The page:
Advertisement

Refractories and Industrial Ceramics

, Volume 38, Issue 6, pp 216–219 | Cite as

Unagglomerated powders for transformation-toughened structural ceramics

  • A. V. Galakhov
  • E. V. Tsibailo
Research
  • 19 Downloads

Abstract

Results of a study of the characteristics of ZrO2 powders stabilized by 3 mol% Y2O3 and fabricated by the method of ultrasound spray pyrolysis from aerosols of aqueous solutions of mineral salts are presented. Unlike powders of the same composition obtained by the conventional coprecipitation technique, aerosol powders have coarser particles with a narrower size distribution and do not contain agglomerates. The temperature of sintering coarse aerosol powders to a maximum density is not high (1450°C). Despite the larger grain size in ceramics sintered from aerosol powders, their strength is much higher than that of ceramics obtained from ultradisperse coprecipitated powders of a similar composition.

Keywords

Sinter Temperature Mineral Salt Spray Pyrolysis Tetragonal Zirconia Zirconium Hydroxide 
These keywords were added by machine and not by the authors. This process is experimental and the keywords may be updated as the learning algorithm improves.

Preview

Unable to display preview. Download preview PDF.

Unable to display preview. Download preview PDF.

References

  1. 1.
    F. F. Lange, “Transformation toughening,”J. Mat. Sci.,17, 225–263 (1982).CrossRefGoogle Scholar
  2. 2.
    K. Yamada, “Powders for high technology ceramics,”Ber. Dtsch. Keram. Ges., No. 6/7, 250–255 (1987).Google Scholar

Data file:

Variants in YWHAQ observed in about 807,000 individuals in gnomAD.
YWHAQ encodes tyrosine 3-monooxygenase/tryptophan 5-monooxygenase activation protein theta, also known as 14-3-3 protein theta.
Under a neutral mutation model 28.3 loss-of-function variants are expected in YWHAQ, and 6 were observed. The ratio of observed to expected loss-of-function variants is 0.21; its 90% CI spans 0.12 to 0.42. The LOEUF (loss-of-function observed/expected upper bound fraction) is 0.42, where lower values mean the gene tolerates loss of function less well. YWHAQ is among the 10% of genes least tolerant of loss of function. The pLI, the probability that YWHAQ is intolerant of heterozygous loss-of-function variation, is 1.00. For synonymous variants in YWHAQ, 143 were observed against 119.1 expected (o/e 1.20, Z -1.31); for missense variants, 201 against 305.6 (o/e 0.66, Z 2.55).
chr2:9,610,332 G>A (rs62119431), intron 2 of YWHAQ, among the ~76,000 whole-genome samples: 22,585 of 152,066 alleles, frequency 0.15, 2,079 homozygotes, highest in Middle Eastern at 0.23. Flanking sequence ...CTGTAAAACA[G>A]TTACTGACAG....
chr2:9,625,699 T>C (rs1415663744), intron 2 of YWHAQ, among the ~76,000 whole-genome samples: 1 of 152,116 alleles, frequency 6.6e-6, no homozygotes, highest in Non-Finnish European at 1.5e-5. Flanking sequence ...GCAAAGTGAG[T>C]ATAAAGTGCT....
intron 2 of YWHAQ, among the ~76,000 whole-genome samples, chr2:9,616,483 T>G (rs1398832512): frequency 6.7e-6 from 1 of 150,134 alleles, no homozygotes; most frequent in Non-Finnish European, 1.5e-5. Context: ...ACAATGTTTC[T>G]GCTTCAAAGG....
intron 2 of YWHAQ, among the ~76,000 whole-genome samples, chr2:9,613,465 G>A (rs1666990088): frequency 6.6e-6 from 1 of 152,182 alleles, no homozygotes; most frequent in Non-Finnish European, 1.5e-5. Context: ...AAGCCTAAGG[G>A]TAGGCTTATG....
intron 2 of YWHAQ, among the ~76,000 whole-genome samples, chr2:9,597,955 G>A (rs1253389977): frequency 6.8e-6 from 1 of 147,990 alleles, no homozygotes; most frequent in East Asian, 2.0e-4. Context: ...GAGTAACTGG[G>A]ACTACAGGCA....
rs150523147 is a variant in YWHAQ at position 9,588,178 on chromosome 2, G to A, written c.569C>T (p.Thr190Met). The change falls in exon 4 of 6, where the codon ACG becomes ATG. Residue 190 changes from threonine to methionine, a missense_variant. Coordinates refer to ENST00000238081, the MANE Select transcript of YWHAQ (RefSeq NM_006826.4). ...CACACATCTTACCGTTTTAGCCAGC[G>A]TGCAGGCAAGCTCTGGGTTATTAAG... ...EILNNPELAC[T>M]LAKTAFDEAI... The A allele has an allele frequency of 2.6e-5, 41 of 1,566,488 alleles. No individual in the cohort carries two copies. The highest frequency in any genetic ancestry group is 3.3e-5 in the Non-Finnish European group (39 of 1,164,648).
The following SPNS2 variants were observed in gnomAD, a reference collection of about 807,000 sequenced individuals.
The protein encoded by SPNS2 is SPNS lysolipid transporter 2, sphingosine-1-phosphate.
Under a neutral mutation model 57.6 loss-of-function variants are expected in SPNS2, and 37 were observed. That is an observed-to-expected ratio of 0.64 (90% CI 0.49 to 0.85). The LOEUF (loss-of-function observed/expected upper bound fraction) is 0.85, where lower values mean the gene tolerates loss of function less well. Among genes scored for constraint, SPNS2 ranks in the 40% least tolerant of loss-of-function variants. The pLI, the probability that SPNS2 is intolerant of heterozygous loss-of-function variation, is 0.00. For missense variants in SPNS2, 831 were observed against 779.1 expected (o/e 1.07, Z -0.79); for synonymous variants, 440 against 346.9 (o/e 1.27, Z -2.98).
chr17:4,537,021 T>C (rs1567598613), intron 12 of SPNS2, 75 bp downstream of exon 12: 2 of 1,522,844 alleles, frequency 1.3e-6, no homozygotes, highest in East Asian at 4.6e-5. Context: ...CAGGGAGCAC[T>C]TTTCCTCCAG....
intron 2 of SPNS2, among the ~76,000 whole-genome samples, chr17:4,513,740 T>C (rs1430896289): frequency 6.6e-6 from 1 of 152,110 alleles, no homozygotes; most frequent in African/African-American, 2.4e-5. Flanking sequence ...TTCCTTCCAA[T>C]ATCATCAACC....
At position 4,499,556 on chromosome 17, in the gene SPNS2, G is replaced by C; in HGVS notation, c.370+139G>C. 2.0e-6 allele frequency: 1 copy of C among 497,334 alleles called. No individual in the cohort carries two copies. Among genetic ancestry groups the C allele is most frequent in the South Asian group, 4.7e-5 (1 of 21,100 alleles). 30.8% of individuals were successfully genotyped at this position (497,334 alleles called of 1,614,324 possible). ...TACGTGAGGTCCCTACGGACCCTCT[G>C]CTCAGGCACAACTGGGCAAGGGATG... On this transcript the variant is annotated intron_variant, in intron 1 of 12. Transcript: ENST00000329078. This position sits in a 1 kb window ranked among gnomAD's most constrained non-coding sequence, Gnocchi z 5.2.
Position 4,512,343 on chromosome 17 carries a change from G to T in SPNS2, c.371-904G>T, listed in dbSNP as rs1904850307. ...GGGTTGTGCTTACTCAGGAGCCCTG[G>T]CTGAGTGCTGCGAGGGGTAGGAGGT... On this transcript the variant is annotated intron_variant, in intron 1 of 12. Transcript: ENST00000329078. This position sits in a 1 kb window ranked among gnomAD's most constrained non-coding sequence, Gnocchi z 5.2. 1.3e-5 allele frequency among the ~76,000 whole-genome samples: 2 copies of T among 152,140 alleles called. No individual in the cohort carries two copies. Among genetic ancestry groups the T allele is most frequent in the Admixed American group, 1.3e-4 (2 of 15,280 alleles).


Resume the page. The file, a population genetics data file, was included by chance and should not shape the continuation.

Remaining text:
3. 3.
    V. B. Glushkova and L. G. Shcherbakova, “On the crystallization mechanism of amorphous zirconium hydroxide,”Dokl. Akad. Nauk SSSR,197(2), 86–89 (1971).Google Scholar
  4. 4.
    A. V. Galakhov and E. V. Tsibailo, “Packing inhomogeneity in powder compacts and the strength of ceramics fabricated from them,”Ogneupory Tekhn. Keramika, No. 5 (1997).Google Scholar
  5. 5.
    S. Yu. Pliner, Yu. N. Komolikov, V. G. Peichev, and I. S. Lappo, “Effect of hydrostatic treatment on the properties of ceramics from tetragonal zirconia,”Ogneupory, No. 4, 9–11 (1988).Google Scholar
  6. 6.
    A. V. Galakhov, S. V. Kutsev, V. A. Kryuchkov, et al.., “Effect of molding pressure on the sinterability of submicron powders of tetragonal zirconia”,Ogneupory, No. 1, 5–11 (1993).Google Scholar
  7. 7.
    M. J. Rathner, “Industrial production of multicomponent ceramic powders (metal oxides) by means of the spray roasting technique” in: P. Vincenzini (ed.),Ceramic Powders, Elsevier, Amsterdam (1983), pp. 515–531.Google Scholar
  8. 8.
    N. A. Fuks and A. G. Sutugin, “Monodisperse aerosols”,Usp. Khim.,34(2), 276–299 (1965).Google Scholar
  9. 9.
    M. Kerker, “Laboratory generation of aerosols,”Adv. Coll. Int. Sci. 5(2), 105–172 (1975).CrossRefGoogle Scholar
  10. 10.
    H. Ishizawa, O. Sakurai, N. Mizutani, and M. Kato, “Homogeneous Y2O3-stabilized ZrO2 powders by spray pyrolysis method,”Am. Ceram. Soc. Bull.,65(10), 1399–1404 (1986).Google Scholar
  11. 11.
    B. Dubois, D. Ruffier, and Ph. Odier, “Preparation of fine, spherical yttria-stabilized zirconia by spray-pyrolysis”J. Am. Ceram. Soc.,72(4), 713–715 (1989).CrossRefGoogle Scholar
  12. 12.
    S. C. Zhang and G. L. Messing, “Synthesis of solid, spherical zirconia particles by spray pyrolysis”,J. Am Ceram. Soc.,73(1), 61–67 (1990).CrossRefGoogle Scholar
  13. 13.
    R. G. Avery and J. D. F. Ramsay, “The sorption of nitrogen in porous compacts of silica and zirconia powders,”J. Coll. Int. Sci.,42(3), 597–606 (1973).CrossRefGoogle Scholar
  14. 14.
    D. S. Charlesworth and W. R. Marchall, “Evaporation from drops containing dissolved solids,”Am. Inst. Chem. Eng. J.,6(1), 9–23 (1960).Google Scholar

Copyright information

© Plenum Publishing Corporation 1997

Authors and Affiliations

  • A. V. Galakhov
    • 1
  • E. V. Tsibailo
    • 1
  1. 1.Moscow State Aircraft Technology UniversityMoscowRussia

Personalised recommendations